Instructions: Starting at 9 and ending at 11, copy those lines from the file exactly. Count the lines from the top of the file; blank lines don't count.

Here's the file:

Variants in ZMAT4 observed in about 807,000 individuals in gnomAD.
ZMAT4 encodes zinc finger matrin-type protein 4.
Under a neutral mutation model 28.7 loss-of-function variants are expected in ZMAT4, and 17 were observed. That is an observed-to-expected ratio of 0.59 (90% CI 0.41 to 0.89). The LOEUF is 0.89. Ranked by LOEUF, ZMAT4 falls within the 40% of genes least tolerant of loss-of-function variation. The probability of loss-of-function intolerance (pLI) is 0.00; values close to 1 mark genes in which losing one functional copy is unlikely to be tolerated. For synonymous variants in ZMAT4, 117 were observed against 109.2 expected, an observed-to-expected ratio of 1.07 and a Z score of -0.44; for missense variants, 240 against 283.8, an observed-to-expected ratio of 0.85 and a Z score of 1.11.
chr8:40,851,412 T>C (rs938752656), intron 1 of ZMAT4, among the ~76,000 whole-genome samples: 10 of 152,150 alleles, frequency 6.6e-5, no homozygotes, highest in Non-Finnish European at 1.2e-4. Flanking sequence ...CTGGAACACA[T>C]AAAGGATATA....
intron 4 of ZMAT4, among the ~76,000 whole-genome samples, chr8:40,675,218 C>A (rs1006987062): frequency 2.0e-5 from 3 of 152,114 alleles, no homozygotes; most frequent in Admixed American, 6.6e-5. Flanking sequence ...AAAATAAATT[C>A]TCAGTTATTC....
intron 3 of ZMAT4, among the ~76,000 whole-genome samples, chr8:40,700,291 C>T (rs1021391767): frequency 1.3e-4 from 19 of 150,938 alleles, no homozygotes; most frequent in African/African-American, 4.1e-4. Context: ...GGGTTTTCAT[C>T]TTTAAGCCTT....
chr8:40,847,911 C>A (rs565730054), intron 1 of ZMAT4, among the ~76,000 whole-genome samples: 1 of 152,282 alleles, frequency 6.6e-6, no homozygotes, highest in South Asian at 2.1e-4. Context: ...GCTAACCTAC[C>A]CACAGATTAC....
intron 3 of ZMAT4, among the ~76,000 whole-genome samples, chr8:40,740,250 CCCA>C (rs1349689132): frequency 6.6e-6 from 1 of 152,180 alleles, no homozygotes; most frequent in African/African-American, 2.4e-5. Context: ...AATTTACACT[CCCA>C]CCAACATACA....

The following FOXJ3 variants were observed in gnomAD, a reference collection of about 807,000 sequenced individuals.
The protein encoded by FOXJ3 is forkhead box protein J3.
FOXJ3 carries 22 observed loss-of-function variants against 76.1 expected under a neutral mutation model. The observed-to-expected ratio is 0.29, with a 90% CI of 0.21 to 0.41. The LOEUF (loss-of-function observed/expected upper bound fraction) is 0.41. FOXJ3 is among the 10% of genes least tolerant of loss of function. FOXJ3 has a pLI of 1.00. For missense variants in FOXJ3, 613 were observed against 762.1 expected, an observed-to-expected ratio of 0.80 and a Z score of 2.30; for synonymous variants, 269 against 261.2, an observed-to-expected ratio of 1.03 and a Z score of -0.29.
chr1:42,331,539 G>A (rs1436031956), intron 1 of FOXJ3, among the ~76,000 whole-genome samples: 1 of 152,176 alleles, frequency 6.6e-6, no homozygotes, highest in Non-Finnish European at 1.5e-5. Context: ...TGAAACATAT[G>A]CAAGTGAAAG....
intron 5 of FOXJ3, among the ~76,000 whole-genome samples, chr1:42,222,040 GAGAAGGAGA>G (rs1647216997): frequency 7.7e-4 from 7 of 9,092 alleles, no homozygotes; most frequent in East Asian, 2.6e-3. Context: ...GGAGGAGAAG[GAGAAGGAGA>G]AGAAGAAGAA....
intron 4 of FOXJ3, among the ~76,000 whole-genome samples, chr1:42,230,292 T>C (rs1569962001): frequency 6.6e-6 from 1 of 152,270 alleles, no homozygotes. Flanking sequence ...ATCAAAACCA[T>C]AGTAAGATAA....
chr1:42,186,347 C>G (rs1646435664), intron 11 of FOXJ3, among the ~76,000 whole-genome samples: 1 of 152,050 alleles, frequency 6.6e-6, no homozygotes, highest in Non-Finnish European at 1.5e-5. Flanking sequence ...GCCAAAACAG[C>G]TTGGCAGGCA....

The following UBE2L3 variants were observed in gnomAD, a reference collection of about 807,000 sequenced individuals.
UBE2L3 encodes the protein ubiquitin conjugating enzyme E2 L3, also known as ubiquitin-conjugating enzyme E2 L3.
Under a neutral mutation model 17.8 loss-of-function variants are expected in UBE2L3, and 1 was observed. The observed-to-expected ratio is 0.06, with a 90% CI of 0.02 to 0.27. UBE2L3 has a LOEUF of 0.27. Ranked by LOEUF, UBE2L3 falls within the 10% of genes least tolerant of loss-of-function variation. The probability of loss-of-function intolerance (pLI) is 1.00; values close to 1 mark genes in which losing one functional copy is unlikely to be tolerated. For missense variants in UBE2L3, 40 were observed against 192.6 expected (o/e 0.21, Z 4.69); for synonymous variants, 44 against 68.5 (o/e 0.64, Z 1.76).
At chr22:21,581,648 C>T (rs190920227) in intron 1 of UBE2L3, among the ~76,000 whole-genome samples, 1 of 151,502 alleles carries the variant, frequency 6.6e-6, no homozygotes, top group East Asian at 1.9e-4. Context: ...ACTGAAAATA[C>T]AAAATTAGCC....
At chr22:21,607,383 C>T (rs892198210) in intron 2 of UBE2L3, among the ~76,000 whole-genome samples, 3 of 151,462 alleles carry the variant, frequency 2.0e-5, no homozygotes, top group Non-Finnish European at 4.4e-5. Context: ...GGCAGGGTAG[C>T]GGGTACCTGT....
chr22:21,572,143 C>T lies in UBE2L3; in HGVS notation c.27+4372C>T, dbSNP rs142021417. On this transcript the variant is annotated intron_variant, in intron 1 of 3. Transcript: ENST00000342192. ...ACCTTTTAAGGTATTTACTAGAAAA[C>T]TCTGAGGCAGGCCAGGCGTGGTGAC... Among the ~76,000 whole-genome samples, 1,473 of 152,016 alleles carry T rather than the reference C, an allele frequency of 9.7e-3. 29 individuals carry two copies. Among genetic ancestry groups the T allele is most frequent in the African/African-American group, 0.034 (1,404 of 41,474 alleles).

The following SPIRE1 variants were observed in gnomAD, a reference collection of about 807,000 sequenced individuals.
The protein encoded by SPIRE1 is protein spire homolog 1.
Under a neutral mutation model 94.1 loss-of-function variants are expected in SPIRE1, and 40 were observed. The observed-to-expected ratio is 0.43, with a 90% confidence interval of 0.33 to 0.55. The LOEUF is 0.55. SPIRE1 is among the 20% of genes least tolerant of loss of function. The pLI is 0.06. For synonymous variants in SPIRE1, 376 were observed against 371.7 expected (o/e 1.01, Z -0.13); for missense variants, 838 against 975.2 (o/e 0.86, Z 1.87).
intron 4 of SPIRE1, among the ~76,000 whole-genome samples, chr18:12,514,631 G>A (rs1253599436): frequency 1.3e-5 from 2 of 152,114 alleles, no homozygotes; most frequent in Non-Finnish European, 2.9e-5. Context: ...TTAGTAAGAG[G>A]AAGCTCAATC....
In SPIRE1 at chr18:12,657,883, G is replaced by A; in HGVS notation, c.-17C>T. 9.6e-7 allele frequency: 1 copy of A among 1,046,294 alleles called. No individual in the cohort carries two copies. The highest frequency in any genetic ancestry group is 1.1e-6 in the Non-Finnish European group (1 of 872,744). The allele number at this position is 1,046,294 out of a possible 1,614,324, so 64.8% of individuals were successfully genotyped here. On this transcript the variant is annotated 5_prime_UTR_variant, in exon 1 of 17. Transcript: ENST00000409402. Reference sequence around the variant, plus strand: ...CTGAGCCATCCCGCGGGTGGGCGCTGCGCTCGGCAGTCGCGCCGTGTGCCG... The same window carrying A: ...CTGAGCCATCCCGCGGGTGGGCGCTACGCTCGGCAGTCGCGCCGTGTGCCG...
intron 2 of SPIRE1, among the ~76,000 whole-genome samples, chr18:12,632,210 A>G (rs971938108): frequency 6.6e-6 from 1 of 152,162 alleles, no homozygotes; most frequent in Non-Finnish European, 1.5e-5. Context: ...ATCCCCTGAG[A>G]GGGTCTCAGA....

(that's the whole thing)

The following FOXJ3 variants were observed in gnomAD, a reference collection of about 807,000 sequenced individuals.
The protein encoded by FOXJ3 is forkhead box protein J3.
FOXJ3 carries 22 observed loss-of-function variants against 76.1 expected under a neutral mutation model. The observed-to-expected ratio is 0.29, with a 90% CI of 0.21 to 0.41. The LOEUF (loss-of-function observed/expected upper bound fraction) is 0.41. FOXJ3 is among the 10% of genes least tolerant of loss of function. FOXJ3 has a pLI of 1.00. For missense variants in FOXJ3, 613 were observed against 762.1 expected, an observed-to-expected ratio of 0.80 and a Z score of 2.30; for synonymous variants, 269 against 261.2, an observed-to-expected ratio of 1.03 and a Z score of -0.29.